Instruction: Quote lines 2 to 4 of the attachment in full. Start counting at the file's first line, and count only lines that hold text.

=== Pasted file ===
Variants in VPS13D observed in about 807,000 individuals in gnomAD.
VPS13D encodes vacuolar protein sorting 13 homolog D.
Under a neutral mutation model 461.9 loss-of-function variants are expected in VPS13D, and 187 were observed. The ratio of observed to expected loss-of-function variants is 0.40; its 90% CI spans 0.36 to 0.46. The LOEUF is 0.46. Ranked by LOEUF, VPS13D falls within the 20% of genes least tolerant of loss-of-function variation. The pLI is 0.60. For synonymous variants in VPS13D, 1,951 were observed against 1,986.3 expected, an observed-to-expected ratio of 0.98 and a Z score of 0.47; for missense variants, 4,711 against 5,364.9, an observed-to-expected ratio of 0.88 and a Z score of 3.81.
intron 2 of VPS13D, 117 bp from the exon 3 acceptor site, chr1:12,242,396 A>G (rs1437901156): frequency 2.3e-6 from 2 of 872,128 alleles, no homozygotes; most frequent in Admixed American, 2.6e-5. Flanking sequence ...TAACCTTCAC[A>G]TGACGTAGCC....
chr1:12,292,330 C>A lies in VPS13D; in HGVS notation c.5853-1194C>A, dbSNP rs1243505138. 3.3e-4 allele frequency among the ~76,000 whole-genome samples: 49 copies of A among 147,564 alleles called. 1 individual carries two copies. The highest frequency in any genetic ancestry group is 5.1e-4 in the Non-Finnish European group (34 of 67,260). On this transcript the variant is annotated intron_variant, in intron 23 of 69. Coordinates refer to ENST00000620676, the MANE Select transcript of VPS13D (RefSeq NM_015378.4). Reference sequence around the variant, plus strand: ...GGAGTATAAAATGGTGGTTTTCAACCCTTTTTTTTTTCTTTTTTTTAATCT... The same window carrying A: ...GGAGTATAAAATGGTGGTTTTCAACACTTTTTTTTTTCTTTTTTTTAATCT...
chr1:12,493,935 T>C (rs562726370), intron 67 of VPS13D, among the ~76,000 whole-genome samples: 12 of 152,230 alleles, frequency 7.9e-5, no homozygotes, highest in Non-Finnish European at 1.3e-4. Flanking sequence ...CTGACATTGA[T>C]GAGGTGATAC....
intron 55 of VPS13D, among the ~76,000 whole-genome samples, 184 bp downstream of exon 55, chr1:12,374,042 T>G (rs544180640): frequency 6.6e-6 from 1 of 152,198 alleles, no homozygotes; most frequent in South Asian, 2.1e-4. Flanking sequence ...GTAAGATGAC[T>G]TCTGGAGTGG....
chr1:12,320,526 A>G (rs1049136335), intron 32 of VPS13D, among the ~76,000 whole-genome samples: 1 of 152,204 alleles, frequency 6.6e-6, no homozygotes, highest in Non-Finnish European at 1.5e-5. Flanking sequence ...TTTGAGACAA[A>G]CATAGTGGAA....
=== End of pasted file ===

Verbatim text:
VPS13D encodes vacuolar protein sorting 13 homolog D.
Under a neutral mutation model 461.9 loss-of-function variants are expected in VPS13D, and 187 were observed. The ratio of observed to expected loss-of-function variants is 0.40; its 90% CI spans 0.36 to 0.46. The LOEUF is 0.46. Ranked by LOEUF, VPS13D falls within the 20% of genes least tolerant of loss-of-function variation. The pLI is 0.60. For synonymous variants in VPS13D, 1,951 were observed against 1,986.3 expected, an observed-to-expected ratio of 0.98 and a Z score of 0.47; for missense variants, 4,711 against 5,364.9, an observed-to-expected ratio of 0.88 and a Z score of 3.81.
intron 2 of VPS13D, 117 bp from the exon 3 acceptor site, chr1:12,242,396 A>G (rs1437901156): frequency 2.3e-6 from 2 of 872,128 alleles, no homozygotes; most frequent in Admixed American, 2.6e-5. Flanking sequence ...TAACCTTCAC[A>G]TGACGTAGCC....